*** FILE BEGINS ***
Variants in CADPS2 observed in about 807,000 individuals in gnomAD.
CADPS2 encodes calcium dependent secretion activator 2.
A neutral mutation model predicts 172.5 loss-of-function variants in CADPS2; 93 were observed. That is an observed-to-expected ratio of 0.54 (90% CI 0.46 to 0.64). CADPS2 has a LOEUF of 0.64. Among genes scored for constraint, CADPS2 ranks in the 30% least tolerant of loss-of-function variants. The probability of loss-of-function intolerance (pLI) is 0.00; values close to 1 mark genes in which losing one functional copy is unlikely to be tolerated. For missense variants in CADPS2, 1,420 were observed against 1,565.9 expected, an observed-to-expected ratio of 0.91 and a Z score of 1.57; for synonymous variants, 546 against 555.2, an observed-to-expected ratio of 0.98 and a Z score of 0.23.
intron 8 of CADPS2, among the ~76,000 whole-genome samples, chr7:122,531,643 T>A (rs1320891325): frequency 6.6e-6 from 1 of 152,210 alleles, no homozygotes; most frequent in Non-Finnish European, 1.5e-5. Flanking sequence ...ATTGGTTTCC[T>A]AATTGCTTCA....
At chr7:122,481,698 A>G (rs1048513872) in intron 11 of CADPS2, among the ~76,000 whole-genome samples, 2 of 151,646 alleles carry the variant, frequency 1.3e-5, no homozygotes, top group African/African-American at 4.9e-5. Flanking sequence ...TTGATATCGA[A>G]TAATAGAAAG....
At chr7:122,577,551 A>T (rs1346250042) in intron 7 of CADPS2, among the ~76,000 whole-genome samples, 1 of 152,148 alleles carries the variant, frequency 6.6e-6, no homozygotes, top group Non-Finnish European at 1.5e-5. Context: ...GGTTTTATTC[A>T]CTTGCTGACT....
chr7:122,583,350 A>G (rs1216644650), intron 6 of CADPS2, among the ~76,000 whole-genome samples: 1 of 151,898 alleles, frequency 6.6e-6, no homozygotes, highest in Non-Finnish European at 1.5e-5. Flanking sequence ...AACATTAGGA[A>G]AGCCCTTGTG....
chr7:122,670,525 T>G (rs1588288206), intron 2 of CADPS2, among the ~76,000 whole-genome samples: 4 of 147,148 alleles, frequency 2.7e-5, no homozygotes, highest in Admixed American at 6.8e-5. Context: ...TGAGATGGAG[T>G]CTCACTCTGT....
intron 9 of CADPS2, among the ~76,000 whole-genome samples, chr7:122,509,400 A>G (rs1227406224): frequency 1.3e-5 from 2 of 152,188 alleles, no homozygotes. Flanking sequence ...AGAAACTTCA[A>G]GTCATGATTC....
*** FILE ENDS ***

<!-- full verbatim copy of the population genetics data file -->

Variants in CADPS2 observed in about 807,000 individuals in gnomAD.
CADPS2 encodes calcium dependent secretion activator 2.
A neutral mutation model predicts 172.5 loss-of-function variants in CADPS2; 93 were observed. That is an observed-to-expected ratio of 0.54 (90% CI 0.46 to 0.64). CADPS2 has a LOEUF of 0.64. Among genes scored for constraint, CADPS2 ranks in the 30% least tolerant of loss-of-function variants. The probability of loss-of-function intolerance (pLI) is 0.00; values close to 1 mark genes in which losing one functional copy is unlikely to be tolerated. For missense variants in CADPS2, 1,420 were observed against 1,565.9 expected, an observed-to-expected ratio of 0.91 and a Z score of 1.57; for synonymous variants, 546 against 555.2, an observed-to-expected ratio of 0.98 and a Z score of 0.23.
intron 8 of CADPS2, among the ~76,000 whole-genome samples, chr7:122,531,643 T>A (rs1320891325): frequency 6.6e-6 from 1 of 152,210 alleles, no homozygotes; most frequent in Non-Finnish European, 1.5e-5. Flanking sequence ...ATTGGTTTCC[T>A]AATTGCTTCA....
At chr7:122,481,698 A>G (rs1048513872) in intron 11 of CADPS2, among the ~76,000 whole-genome samples, 2 of 151,646 alleles carry the variant, frequency 1.3e-5, no homozygotes, top group African/African-American at 4.9e-5. Flanking sequence ...TTGATATCGA[A>G]TAATAGAAAG....
At chr7:122,577,551 A>T (rs1346250042) in intron 7 of CADPS2, among the ~76,000 whole-genome samples, 1 of 152,148 alleles carries the variant, frequency 6.6e-6, no homozygotes, top group Non-Finnish European at 1.5e-5. Context: ...GGTTTTATTC[A>T]CTTGCTGACT....
chr7:122,583,350 A>G (rs1216644650), intron 6 of CADPS2, among the ~76,000 whole-genome samples: 1 of 151,898 alleles, frequency 6.6e-6, no homozygotes, highest in Non-Finnish European at 1.5e-5. Flanking sequence ...AACATTAGGA[A>G]AGCCCTTGTG....
chr7:122,670,525 T>G (rs1588288206), intron 2 of CADPS2, among the ~76,000 whole-genome samples: 4 of 147,148 alleles, frequency 2.7e-5, no homozygotes, highest in Admixed American at 6.8e-5. Context: ...TGAGATGGAG[T>G]CTCACTCTGT....
intron 9 of CADPS2, among the ~76,000 whole-genome samples, chr7:122,509,400 A>G (rs1227406224): frequency 1.3e-5 from 2 of 152,188 alleles, no homozygotes. Flanking sequence ...AGAAACTTCA[A>G]GTCATGATTC....